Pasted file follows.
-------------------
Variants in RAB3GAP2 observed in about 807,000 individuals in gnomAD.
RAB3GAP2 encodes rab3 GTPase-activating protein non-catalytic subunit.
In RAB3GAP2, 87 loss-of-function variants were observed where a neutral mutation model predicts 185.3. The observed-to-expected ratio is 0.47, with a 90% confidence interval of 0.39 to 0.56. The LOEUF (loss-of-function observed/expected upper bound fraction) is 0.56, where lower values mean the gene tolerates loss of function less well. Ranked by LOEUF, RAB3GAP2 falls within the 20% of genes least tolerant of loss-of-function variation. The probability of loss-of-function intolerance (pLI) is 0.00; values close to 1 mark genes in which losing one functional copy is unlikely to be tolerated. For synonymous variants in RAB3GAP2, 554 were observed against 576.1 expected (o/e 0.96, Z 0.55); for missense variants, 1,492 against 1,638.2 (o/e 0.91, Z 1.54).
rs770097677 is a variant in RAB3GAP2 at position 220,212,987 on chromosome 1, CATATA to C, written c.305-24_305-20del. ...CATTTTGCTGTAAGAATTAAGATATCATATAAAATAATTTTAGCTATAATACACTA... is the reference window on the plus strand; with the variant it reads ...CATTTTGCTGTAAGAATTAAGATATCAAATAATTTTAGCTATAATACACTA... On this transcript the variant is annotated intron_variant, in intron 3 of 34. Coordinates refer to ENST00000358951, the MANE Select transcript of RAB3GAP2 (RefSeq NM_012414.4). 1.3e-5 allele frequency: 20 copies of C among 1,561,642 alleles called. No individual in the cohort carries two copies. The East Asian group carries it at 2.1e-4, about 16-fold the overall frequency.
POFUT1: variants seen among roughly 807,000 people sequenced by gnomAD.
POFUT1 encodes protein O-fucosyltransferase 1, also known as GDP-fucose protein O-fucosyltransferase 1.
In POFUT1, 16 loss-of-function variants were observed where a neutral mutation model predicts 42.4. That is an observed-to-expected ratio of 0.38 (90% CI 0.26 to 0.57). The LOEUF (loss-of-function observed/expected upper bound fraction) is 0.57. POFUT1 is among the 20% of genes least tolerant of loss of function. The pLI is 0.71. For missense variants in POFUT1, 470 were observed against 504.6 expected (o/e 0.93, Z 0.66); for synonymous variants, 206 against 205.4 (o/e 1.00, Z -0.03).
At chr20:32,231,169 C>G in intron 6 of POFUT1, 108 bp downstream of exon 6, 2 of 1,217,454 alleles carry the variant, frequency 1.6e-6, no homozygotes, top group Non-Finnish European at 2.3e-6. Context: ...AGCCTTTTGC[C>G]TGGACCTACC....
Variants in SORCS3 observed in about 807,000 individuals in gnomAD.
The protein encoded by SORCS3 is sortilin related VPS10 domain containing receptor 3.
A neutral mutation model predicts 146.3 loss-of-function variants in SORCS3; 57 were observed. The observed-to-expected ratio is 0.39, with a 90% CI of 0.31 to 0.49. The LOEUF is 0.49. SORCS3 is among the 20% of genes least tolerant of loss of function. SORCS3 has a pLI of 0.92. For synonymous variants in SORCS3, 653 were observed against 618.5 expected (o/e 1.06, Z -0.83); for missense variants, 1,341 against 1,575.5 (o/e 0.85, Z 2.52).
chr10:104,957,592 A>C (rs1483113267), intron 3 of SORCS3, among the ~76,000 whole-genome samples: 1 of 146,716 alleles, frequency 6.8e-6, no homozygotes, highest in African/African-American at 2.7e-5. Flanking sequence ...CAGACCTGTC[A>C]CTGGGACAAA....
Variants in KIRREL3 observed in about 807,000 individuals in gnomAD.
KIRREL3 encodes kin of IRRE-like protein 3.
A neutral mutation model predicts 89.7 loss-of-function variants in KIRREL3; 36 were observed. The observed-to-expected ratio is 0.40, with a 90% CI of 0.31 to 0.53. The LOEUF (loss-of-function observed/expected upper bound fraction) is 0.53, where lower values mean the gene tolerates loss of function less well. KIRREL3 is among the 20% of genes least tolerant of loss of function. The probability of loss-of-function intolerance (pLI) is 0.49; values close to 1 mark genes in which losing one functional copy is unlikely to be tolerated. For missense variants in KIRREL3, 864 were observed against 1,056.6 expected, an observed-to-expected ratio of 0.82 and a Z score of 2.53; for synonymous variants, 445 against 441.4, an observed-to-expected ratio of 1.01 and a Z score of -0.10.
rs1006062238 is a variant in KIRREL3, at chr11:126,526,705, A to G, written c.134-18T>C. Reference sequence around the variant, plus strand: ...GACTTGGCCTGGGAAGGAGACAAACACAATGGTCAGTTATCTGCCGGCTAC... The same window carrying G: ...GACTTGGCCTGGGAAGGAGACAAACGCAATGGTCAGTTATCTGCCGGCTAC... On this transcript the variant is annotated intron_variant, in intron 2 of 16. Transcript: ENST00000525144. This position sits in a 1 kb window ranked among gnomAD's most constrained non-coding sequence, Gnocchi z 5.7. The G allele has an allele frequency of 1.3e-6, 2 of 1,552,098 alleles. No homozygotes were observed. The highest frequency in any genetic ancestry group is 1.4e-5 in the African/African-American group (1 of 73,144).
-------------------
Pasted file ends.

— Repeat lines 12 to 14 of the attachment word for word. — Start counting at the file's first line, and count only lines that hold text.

chr10:104,957,592 A>C (rs1483113267), intron 3 of SORCS3, among the ~76,000 whole-genome samples: 1 of 146,716 alleles, frequency 6.8e-6, no homozygotes, highest in African/African-American at 2.7e-5. Flanking sequence ...CAGACCTGTC[A>C]CTGGGACAAA....
Variants in KIRREL3 observed in about 807,000 individuals in gnomAD.
KIRREL3 encodes kin of IRRE-like protein 3.